Students who will be absent from a major exam must notify the Dean’s Office prior to that exam: a major exam (midterm or final) cannot be made up without the permission of the Dean’s Office. Permission will be granted only when the absence is caused by a serious impediment or grave situation, such as a documented illness, hospitalization or funeral service for immediate family. Absences due to conflicts, such as job interviews, family celebrations, travel difficulties, student misunderstandings or personal convenience, will not be excused. 

Changes to / cancellation of class
Changes, additional course information, etc will be posted on MyJCU. Please check this regularly and, certainly, in advance of each class.
In case of unavoidable cancellations of class, notification will be posted at the front desk at both Tiber and Guarini campuses. A suitable date and time for a make-up class will subsequently be established.

As stated in the university catalog, any student who commits an act of academic dishonesty will receive a failing grade on the work in which the dishonesty occurred. In addition, acts of academic dishonesty, irrespective of the weight of the assignment, may result in the student receiving a failing grade in the course. Instances of academic dishonesty will be reported to the Dean of Academic Affairs. A student who is reported twice for academic dishonesty is subject to summary dismissal from the University. In such a case, the Academic Council will then make a recommendation to the President, who will make the final decision.
John Cabot University does not discriminate on the basis of disability or handicap. Students with approved accommodations must inform their professors at the beginning of the term. Please see the website for the complete policy.


Details of further reading suggestions as well as a relevant bibliography for the course will be provided at the start of the course.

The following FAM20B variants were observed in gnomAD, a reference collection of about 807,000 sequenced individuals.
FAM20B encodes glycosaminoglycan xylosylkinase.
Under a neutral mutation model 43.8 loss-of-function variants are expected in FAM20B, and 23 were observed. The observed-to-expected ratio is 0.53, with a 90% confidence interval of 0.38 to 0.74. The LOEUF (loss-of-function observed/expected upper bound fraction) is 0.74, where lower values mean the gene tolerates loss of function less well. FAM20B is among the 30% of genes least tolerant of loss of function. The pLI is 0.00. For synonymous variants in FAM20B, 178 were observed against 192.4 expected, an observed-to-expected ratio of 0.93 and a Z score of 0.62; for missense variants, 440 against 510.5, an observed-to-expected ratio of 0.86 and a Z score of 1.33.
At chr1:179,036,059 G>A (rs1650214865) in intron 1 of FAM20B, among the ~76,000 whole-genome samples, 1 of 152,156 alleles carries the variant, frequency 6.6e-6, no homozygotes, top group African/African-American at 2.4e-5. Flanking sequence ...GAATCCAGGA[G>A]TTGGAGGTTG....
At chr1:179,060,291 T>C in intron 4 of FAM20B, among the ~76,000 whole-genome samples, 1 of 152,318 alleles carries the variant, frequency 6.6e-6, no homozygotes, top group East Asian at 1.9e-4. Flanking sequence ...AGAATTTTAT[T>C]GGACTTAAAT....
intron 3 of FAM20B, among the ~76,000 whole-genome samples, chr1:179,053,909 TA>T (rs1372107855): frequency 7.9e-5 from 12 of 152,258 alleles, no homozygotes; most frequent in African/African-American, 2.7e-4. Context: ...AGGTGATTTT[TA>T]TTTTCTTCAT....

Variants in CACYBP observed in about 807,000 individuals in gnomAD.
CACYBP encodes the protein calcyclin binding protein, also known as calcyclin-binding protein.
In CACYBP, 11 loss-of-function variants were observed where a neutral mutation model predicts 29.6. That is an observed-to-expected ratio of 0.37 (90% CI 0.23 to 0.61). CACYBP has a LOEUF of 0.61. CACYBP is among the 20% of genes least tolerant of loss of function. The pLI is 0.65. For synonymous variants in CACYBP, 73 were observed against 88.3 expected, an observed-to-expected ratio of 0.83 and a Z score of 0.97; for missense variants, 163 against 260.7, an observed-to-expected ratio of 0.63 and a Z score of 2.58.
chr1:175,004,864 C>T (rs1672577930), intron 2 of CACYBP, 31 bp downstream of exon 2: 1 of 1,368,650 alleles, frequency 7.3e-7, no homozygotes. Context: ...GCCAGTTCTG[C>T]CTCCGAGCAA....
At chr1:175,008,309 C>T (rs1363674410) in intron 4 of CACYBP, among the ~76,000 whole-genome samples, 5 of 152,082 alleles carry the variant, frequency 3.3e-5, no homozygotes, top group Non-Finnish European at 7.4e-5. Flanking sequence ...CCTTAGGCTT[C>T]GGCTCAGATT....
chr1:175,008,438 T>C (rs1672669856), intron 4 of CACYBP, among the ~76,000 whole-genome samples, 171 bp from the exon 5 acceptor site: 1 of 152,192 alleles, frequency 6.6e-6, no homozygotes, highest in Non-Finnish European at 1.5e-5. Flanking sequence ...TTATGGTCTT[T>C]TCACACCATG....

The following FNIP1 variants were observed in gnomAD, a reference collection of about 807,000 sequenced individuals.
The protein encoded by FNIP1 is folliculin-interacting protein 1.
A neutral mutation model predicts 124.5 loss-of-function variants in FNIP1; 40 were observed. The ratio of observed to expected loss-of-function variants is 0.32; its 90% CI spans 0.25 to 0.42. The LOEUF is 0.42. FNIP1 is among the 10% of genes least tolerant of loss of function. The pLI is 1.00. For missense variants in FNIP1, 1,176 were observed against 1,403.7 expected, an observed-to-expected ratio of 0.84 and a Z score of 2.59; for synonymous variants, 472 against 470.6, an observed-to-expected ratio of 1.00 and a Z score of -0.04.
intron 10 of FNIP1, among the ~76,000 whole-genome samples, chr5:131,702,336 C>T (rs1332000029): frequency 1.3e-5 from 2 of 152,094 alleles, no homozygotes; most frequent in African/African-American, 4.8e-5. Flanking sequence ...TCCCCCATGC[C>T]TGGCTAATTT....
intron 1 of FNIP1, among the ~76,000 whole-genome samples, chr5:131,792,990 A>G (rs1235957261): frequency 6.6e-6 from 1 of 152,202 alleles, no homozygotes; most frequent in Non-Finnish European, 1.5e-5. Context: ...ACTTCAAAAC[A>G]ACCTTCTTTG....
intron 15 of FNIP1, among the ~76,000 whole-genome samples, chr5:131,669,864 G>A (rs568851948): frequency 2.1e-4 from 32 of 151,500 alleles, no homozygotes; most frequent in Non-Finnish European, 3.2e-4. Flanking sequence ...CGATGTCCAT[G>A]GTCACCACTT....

Essential bibliography includes:

Bell, S. and Hansen, I.L. (eds) (2008) Role Models in the Roman World. UMP
Borg, B. (ed.) (2015) A Companion to Roman Art. Wiley-Blackwell.

Favro, D. (1996) The Urban Image of Augustan Rome. CUP
Fejfer, J. (2008) Roman Portraits in Context. De Gruyter

Flower, H.I. (ed.) (2004) The Cambridge Companion to the Roman Republic. CUP
Galinsky, K. (1996) Augustan Culture, an Interpretative Introduction. PUP
Galinsky, K. (ed.) (2005) The Cambridge Companion to the Age of Augustus. CUP
Haselberger, L. [and Thein, A.] (2007) Urbem adornare. Rome’s Urban Metamorphosis under Augustus. JRA
James, S.L. and Dillon, S. (eds) (2012) A Companion to Woman in the Ancient World. Wiley-Blackwell

Kleiner, D.E.E. (1992) Roman Sculpture. YUP
Koortbojian, M. (2013) The Divinization of Caesar and Augustus. CUP
Wallace-Hadril, A. (1993) Augustan Rome. Bristol University Press
Zanker, P (1988) The Power of Images in the Age of Augustus. UMP

Please note the scheduled make-up days on Friday February 15 and March 4


Week 1
1.         Introduction to the course
Course requirements, logistics, etc
Assigned reading      None

2.        Art and civic politic: Athens and Pergamon
Parthenon, Athens; Great Altar of Zeus, Pergamon; civic identity, tradition and the impact of the alien
Assigned reading:     Familiarity with the syllabus; Zanker 1988: 1-5

Late Republican Rome (2nd-mid 1st cent. BC)

Week 2
3.          Spectacles of achievement

Elite competition in Rome; the triumph and the aristocratic funeral, impact of art/war spoil; Temple of Hercules of the Muses, Portico of Metellus, Temple of ‘Hercules Victor’ veristic portraits
Assigned reading:     Zanker 1988: 11-18

4.     Artistic c
Cosmopolitan Rome; Paris–Munich reliefs, Tivoli general, Theatre of Pompey
Assigned reading:     Zanker 1988: 5-11, 18-25

Week 3
5.        Caesar and Rome

Forum(s) of Caesar; mythological ancestry; king-like status in Rome
Assigned reading:     Stamper 2005: 90-102 (Forum of Caesar)

6.     Portraiture and statue forms
Veristic Republican portraiture, portraiture of Pompey and Caesar, Tivoli General, Delian portraits